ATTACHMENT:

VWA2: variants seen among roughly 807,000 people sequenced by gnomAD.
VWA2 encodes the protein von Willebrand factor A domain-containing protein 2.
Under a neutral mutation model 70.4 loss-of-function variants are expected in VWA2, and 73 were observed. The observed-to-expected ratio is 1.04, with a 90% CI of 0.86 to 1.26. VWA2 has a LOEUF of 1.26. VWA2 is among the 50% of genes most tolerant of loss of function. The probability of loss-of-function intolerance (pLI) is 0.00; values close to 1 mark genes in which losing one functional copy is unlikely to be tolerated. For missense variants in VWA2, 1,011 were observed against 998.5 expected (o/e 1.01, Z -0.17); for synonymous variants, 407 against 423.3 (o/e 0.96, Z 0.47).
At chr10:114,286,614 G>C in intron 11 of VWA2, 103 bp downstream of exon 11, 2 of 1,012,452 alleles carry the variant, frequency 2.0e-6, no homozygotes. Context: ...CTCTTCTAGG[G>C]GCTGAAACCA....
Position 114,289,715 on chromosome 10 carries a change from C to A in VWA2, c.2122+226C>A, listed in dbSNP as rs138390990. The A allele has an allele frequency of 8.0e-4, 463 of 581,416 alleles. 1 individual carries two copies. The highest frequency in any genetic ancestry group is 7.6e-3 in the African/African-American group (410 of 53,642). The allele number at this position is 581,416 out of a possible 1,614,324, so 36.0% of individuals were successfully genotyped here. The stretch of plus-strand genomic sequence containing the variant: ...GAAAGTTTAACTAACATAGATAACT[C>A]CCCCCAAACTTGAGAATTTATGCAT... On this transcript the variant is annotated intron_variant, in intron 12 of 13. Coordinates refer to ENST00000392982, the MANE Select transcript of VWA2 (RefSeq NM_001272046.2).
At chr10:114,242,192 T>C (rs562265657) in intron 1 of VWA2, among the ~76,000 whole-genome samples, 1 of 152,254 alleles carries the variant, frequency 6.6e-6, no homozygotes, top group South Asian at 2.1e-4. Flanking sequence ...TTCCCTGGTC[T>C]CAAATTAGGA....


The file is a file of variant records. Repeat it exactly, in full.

VWA2: variants seen among roughly 807,000 people sequenced by gnomAD.
VWA2 encodes the protein von Willebrand factor A domain-containing protein 2.
Under a neutral mutation model 70.4 loss-of-function variants are expected in VWA2, and 73 were observed. The observed-to-expected ratio is 1.04, with a 90% CI of 0.86 to 1.26. VWA2 has a LOEUF of 1.26. VWA2 is among the 50% of genes most tolerant of loss of function. The probability of loss-of-function intolerance (pLI) is 0.00; values close to 1 mark genes in which losing one functional copy is unlikely to be tolerated. For missense variants in VWA2, 1,011 were observed against 998.5 expected (o/e 1.01, Z -0.17); for synonymous variants, 407 against 423.3 (o/e 0.96, Z 0.47).
At chr10:114,286,614 G>C in intron 11 of VWA2, 103 bp downstream of exon 11, 2 of 1,012,452 alleles carry the variant, frequency 2.0e-6, no homozygotes. Context: ...CTCTTCTAGG[G>C]GCTGAAACCA....
Position 114,289,715 on chromosome 10 carries a change from C to A in VWA2, c.2122+226C>A, listed in dbSNP as rs138390990. The A allele has an allele frequency of 8.0e-4, 463 of 581,416 alleles. 1 individual carries two copies. The highest frequency in any genetic ancestry group is 7.6e-3 in the African/African-American group (410 of 53,642). The allele number at this position is 581,416 out of a possible 1,614,324, so 36.0% of individuals were successfully genotyped here. The stretch of plus-strand genomic sequence containing the variant: ...GAAAGTTTAACTAACATAGATAACT[C>A]CCCCCAAACTTGAGAATTTATGCAT... On this transcript the variant is annotated intron_variant, in intron 12 of 13. Coordinates refer to ENST00000392982, the MANE Select transcript of VWA2 (RefSeq NM_001272046.2).
At chr10:114,242,192 T>C (rs562265657) in intron 1 of VWA2, among the ~76,000 whole-genome samples, 1 of 152,254 alleles carries the variant, frequency 6.6e-6, no homozygotes, top group South Asian at 2.1e-4. Flanking sequence ...TTCCCTGGTC[T>C]CAAATTAGGA....